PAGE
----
worshipped trees, caves, and so on. And all what the man said is,
"Please, brothers, go back to basics. What the prophet did or
said, let''s do it." And my - the founder of my family joined up
with him, and the two of them, quote, unquote, "unified" the
[Yeah, this is basically true, which is the problem. The alliance
Bandar is referring to is the one between the founder of
Wahhabism, Muhammad ibn Abd al-Wahhab, and Muhammad
ibn Saud (''House of Saud''); an alliance between teacher and
soldier, thus they created a new militant form of Islam.]
...We are proud of our religion, we are proud of our culture, and
we are open-minded. We are open-minded as long as people
don''t try to jam on us things that we cannot accept.
[Of course this is a crock. Wahhabism does not allow any other
ideas or opinions.]
Q: [On being a monarchy.]
Bandar: Maybe you regret...that you are not a monarchy. Maybe
if you were a monarchy, you would have more common sense to
do the right thing. And not get too carried away with quote-
unquote "freedom." You are not free to go to the movie and
scream, "Fire." Why? You are not free to go to a football match
and take off all your clothes. Why? So there is no absolute
freedom... [Boy, this is troubling.]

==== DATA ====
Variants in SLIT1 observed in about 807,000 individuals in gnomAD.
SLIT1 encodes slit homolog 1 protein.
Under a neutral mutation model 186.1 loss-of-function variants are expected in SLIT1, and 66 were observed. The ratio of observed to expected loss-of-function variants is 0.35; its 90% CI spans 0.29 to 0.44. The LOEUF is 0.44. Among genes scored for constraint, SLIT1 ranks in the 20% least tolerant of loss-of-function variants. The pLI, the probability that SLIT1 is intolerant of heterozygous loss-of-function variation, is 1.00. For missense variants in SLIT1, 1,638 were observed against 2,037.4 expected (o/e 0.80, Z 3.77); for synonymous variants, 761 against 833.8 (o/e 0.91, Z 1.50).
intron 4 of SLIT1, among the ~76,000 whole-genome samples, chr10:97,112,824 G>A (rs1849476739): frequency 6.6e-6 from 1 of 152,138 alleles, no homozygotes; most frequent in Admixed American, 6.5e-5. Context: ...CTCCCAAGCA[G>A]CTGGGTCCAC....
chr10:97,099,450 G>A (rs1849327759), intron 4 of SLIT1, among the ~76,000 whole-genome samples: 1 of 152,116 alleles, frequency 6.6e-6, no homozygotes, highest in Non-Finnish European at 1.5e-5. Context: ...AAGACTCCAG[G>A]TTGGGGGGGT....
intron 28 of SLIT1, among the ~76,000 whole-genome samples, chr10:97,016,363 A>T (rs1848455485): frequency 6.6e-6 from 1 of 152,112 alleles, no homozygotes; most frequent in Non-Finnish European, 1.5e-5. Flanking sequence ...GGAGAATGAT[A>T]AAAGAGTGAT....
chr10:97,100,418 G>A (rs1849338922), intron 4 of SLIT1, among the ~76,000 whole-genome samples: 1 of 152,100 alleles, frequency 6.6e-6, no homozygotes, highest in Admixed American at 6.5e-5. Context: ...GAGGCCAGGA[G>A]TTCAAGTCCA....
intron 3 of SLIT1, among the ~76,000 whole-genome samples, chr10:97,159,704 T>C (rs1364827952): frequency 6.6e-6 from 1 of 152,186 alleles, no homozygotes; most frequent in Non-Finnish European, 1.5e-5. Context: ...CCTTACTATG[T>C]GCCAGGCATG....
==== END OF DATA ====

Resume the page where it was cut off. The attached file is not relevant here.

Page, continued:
In a separate interview for the same program, Frontline
interviewed Islamic scholars, familiar with Saudi Arabia. One of
them was asked to give an example of religious teachings in
Ahmed Ali, a Shi''a Muslim from Saudi Arabia: The religious
curriculum in Saudi Arabia teaches you that people are basically
two sides: Salafis (Wahhabis), who are the winners, the chosen
ones, who will go to heaven, and the rest. The rest are Muslims
and Christians and Jews and others.
Q: Can you show me an example of what the (religious teaching
is in the schools)?
Ahmed Ali: Well, here, this is a book, hadif, for ninth grade.
Hadif is a statement of Prophet Mohammed. This is a book that
...is talking about the victory of Muslims over Jews. This is a
hadif that I truly believe it''s not true, as a Muslim:
"The day of judgment will not arrive until Muslims fight Jews,
and Muslim will kill Jews until the Jew hides behind a tree or a
stone. Then the tree and the stone will say, ''Oh Muslim, oh,
servant of God, this is a Jew behind me. Come and kill him.''
Except one type of a tree, which is a Jew tree. That will not say
that." This is taught for 14-year-old boys in Saudi Arabia.
Q: In middle schools...
Ahmed Ali: In middle schools, yes. Official middle schools.
This is a book printed by Saudi government Ministry of
Q: [In a separate interview with a student of Islam.] So the state
religion in Saudi Arabia is this pure, stricter form of Islam?
Q: And we''re told by people we''ve interviewed that it''s the
nature of this thought, its fundamentalist nature, that can be
easily manipulated, so that people would, for example, become
violent or extremist.
A: I think that the new mood, the new trend, especially after the
Gulf War, has become for all these neo-Wahhabis...(to use)
Islam...as a platform for political ideas and activities, using
Islam to legitimize political, economic, social behavior. These
people have been brought up in a country where Islam
And that, boys and girls, creates a problem.